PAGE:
Esol listening exercises

Written by damon verial Google
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Esol listening exercises
For ESOL students from many countries, English listening proficiency is difficult to acquire. (listening image by Peter Baxter from Fotolia.com)

Teachers of English for Speakers of Other Languages (ESOL) need to train students in all aspects of English usage, including listening. For ESOL teachers, preparing lesson plans is an important task, but before preparing lesson plans, you must know what activities are available to you. When preparing a lesson plan that includes listening activities, ESOL teachers should not feel at a loss, as there are many listening exercises for the ESOL teacher to use.

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Listening Dialogues

Many ESOL textbooks provide CDs with dialogue, speeches or lectures from the text. You can play these CDs and let your students follow along in the text. For a purely listening activity, you can require the students to close their texts while the CD is playing. Asking students questions after the listening exercise finishes, will help you know how much of the listening the students comprehend. You can correct mistakes in their understanding as you see fit.

Listening to "Real" Spoken English

While many company prepared listening exercises exist, they often contain very "clear" and "formal" English speech. For an ESOL student to improve her listening in daily situations, it is important to practice listening to "real" English speech. Some exercises that may prepare your students in listening to "real" English are practicing listening to and responding to correctly speech with ellipsis, where parts of a sentence will be omitted (e.g. "Told you so" instead of "I told you so"); tails, where extra information is added at the end of a clause (e.g. "He's not very good -- that guy") and back-channelling, where noises are used to replace words (e.g. "Mmm" instead of "that's good").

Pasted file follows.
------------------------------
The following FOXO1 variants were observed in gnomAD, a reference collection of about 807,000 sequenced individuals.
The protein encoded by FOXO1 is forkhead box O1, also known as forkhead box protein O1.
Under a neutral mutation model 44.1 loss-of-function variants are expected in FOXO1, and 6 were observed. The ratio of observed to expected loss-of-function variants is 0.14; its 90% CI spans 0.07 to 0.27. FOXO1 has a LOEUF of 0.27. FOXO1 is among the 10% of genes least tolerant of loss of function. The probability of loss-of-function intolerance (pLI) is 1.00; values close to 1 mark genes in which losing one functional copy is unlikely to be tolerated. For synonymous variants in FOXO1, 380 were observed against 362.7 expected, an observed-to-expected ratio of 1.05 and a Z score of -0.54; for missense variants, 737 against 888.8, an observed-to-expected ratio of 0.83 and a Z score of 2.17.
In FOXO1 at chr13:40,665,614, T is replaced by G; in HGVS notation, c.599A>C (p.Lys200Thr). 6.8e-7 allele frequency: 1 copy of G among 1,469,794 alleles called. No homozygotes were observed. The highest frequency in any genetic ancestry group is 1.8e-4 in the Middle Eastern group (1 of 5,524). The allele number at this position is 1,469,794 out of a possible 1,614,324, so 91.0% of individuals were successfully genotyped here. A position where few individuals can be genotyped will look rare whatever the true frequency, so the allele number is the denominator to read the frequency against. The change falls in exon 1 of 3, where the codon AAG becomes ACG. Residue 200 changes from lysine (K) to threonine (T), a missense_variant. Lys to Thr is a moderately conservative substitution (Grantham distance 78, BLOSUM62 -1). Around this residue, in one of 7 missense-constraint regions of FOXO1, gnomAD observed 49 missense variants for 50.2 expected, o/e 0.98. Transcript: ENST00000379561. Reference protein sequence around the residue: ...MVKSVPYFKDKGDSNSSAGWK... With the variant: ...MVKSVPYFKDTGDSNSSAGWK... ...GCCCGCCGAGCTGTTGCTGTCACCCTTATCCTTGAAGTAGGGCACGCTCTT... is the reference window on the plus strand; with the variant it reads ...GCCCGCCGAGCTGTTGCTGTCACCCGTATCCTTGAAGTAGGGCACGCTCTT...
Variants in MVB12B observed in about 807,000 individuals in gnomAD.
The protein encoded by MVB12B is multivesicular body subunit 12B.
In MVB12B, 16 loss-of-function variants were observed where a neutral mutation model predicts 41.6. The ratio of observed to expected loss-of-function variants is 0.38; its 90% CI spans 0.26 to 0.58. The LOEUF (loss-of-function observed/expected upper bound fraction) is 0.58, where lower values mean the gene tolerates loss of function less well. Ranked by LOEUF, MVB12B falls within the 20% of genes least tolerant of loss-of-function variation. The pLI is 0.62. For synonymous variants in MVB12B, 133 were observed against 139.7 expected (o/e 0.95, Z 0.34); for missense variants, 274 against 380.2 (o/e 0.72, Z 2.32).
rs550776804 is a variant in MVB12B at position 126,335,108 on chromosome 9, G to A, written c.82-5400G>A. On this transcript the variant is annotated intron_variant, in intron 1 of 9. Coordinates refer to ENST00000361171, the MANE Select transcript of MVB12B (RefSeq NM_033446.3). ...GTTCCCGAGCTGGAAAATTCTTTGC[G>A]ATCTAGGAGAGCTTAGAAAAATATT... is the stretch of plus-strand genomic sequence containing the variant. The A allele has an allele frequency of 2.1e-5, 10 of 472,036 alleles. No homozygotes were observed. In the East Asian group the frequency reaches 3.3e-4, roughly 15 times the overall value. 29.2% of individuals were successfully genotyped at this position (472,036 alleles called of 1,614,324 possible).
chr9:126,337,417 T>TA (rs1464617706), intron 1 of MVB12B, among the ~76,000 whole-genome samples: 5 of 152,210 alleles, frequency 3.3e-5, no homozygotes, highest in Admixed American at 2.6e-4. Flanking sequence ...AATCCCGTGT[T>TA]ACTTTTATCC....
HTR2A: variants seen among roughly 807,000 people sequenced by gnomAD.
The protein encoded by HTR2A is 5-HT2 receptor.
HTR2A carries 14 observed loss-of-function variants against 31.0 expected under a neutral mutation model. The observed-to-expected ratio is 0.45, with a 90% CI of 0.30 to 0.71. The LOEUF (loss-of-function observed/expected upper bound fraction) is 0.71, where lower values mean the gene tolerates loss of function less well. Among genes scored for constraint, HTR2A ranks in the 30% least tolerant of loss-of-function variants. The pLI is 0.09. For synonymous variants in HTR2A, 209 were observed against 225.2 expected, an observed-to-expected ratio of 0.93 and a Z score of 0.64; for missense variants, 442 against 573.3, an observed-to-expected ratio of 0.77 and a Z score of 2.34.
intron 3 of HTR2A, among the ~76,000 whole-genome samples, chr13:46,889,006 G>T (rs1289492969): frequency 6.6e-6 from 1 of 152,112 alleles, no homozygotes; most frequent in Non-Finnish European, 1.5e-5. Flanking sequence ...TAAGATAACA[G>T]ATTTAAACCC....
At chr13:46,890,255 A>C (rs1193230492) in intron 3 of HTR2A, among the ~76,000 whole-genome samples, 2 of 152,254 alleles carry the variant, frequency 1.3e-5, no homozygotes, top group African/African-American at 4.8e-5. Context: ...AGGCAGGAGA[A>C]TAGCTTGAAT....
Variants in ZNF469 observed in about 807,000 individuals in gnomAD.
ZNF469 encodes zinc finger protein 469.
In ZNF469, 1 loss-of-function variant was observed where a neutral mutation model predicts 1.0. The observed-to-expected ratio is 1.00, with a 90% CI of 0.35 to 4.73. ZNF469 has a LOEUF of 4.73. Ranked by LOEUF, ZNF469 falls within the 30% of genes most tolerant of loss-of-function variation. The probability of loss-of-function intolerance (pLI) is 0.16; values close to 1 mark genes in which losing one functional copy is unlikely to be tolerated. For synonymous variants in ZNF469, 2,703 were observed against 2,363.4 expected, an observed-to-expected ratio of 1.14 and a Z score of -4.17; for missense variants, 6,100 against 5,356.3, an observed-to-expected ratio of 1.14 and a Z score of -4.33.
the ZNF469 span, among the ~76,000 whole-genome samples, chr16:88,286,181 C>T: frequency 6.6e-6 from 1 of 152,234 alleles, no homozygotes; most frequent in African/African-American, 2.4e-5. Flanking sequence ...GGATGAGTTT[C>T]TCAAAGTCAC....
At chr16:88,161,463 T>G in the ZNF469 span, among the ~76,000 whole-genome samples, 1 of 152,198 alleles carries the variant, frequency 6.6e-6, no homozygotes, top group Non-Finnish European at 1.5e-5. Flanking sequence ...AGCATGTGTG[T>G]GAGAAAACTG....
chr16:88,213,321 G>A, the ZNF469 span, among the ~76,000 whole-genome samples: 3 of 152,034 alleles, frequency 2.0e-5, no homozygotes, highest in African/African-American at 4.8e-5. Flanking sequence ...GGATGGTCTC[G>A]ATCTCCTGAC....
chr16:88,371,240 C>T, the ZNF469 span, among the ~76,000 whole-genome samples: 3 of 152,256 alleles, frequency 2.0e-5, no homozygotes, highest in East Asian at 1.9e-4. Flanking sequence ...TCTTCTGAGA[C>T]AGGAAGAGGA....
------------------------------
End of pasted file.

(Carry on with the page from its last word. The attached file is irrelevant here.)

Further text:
Listening to "Messy" Dialogues

Though much dialogue that comes with ESOL textbooks is very logical with clear structure, in the real world students of ESOL will have to pull information from dialogues that are not so clear-cut and orderly. You can help students practice interpreting meaning from messy dialogue by playing material with real dialogues, such as talk show conversations, recorded telephone calls or conversations that you have recorded yourself having with friends.

Developing Listening Accuracy

You can help students improve their listening accuracy through this type of exercise. Play speeches or dialogues that have grammatical or pronunciation mistakes. An easy way of obtaining such material is taping your own students, whether it is the current class or another ESOL class. While playing this material to your students, ask them if they hear any mistakes. By pointing these mistakes out to your students, over time they will be able to increase their listening accuracy.

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